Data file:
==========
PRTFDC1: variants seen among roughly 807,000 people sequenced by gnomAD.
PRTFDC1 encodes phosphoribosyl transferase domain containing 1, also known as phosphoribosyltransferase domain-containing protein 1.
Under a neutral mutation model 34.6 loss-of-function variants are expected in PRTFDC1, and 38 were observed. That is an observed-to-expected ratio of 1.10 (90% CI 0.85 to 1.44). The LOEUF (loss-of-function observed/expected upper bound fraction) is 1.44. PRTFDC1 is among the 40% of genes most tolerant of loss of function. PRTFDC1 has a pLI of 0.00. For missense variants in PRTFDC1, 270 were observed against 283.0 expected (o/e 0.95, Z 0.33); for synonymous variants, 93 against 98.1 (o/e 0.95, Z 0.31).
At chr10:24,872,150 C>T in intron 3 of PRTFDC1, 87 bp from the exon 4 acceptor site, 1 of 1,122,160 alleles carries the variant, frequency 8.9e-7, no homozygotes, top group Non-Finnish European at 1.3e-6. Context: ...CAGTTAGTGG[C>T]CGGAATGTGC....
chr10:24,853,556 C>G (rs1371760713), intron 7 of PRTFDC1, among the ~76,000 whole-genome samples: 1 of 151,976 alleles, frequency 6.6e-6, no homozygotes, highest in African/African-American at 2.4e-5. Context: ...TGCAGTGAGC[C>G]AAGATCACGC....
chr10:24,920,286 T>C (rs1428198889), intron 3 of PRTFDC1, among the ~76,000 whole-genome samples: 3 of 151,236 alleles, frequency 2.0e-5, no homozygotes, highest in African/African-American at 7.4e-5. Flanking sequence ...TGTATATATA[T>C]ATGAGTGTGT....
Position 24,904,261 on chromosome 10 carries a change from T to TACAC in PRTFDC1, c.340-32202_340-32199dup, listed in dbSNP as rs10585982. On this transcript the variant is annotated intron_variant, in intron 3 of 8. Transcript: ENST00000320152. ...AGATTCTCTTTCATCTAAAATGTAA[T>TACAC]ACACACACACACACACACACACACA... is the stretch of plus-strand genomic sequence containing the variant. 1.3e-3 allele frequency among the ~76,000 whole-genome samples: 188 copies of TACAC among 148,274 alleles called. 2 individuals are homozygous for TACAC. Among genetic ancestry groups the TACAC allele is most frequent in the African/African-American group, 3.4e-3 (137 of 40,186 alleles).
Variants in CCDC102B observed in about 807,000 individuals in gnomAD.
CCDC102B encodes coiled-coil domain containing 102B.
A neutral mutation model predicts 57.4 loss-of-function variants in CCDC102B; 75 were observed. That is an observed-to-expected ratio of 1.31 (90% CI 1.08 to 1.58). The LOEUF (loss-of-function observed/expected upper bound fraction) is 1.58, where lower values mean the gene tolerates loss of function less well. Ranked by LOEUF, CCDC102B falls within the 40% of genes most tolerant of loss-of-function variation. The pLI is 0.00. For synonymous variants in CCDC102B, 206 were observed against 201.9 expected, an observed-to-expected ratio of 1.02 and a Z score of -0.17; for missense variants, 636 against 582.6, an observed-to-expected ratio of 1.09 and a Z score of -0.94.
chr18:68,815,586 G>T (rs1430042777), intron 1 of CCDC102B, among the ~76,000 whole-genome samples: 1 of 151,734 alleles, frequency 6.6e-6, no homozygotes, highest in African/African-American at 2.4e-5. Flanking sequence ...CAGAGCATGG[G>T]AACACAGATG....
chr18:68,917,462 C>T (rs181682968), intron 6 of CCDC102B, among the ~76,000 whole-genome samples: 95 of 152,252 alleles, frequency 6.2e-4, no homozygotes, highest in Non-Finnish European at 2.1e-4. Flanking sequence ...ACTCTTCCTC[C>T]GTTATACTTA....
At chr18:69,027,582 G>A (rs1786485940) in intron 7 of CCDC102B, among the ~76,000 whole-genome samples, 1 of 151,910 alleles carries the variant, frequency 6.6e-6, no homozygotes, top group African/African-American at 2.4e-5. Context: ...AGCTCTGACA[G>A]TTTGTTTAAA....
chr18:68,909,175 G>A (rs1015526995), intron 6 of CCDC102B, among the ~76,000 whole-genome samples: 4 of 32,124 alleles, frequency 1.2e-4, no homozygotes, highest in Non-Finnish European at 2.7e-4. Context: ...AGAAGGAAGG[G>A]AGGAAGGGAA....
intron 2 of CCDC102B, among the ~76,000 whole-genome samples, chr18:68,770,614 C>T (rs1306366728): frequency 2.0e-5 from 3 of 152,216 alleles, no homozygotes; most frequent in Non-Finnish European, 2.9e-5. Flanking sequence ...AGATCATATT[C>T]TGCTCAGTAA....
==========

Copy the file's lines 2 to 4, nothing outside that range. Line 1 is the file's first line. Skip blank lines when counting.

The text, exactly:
PRTFDC1 encodes phosphoribosyl transferase domain containing 1, also known as phosphoribosyltransferase domain-containing protein 1.
Under a neutral mutation model 34.6 loss-of-function variants are expected in PRTFDC1, and 38 were observed. That is an observed-to-expected ratio of 1.10 (90% CI 0.85 to 1.44). The LOEUF (loss-of-function observed/expected upper bound fraction) is 1.44. PRTFDC1 is among the 40% of genes most tolerant of loss of function. PRTFDC1 has a pLI of 0.00. For missense variants in PRTFDC1, 270 were observed against 283.0 expected (o/e 0.95, Z 0.33); for synonymous variants, 93 against 98.1 (o/e 0.95, Z 0.31).
At chr10:24,872,150 C>T in intron 3 of PRTFDC1, 87 bp from the exon 4 acceptor site, 1 of 1,122,160 alleles carries the variant, frequency 8.9e-7, no homozygotes, top group Non-Finnish European at 1.3e-6. Context: ...CAGTTAGTGG[C>T]CGGAATGTGC....